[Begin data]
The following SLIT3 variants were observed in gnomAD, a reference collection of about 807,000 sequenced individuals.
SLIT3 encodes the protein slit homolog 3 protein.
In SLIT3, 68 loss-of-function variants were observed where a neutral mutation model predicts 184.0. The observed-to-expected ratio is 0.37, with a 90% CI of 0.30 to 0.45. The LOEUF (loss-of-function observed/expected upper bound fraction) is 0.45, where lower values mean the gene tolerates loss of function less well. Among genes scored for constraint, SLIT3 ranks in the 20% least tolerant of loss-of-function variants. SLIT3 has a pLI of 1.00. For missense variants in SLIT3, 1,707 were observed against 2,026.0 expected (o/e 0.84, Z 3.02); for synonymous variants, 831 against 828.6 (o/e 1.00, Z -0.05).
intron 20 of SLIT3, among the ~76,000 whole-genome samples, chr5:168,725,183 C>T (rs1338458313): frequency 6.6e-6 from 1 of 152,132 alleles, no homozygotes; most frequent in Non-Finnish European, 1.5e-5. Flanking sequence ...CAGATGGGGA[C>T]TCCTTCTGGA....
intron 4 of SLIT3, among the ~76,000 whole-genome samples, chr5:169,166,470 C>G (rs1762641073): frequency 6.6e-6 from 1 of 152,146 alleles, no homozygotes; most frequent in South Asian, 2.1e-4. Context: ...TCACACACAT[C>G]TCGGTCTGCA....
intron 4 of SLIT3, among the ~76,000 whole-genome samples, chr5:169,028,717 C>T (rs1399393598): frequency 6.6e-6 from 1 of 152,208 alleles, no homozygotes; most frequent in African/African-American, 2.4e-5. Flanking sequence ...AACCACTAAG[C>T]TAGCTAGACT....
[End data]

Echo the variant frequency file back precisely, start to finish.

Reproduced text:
The following SLIT3 variants were observed in gnomAD, a reference collection of about 807,000 sequenced individuals.
SLIT3 encodes the protein slit homolog 3 protein.
In SLIT3, 68 loss-of-function variants were observed where a neutral mutation model predicts 184.0. The observed-to-expected ratio is 0.37, with a 90% CI of 0.30 to 0.45. The LOEUF (loss-of-function observed/expected upper bound fraction) is 0.45, where lower values mean the gene tolerates loss of function less well. Among genes scored for constraint, SLIT3 ranks in the 20% least tolerant of loss-of-function variants. SLIT3 has a pLI of 1.00. For missense variants in SLIT3, 1,707 were observed against 2,026.0 expected (o/e 0.84, Z 3.02); for synonymous variants, 831 against 828.6 (o/e 1.00, Z -0.05).
intron 20 of SLIT3, among the ~76,000 whole-genome samples, chr5:168,725,183 C>T (rs1338458313): frequency 6.6e-6 from 1 of 152,132 alleles, no homozygotes; most frequent in Non-Finnish European, 1.5e-5. Flanking sequence ...CAGATGGGGA[C>T]TCCTTCTGGA....
intron 4 of SLIT3, among the ~76,000 whole-genome samples, chr5:169,166,470 C>G (rs1762641073): frequency 6.6e-6 from 1 of 152,146 alleles, no homozygotes; most frequent in South Asian, 2.1e-4. Context: ...TCACACACAT[C>G]TCGGTCTGCA....
intron 4 of SLIT3, among the ~76,000 whole-genome samples, chr5:169,028,717 C>T (rs1399393598): frequency 6.6e-6 from 1 of 152,208 alleles, no homozygotes; most frequent in African/African-American, 2.4e-5. Flanking sequence ...AACCACTAAG[C>T]TAGCTAGACT....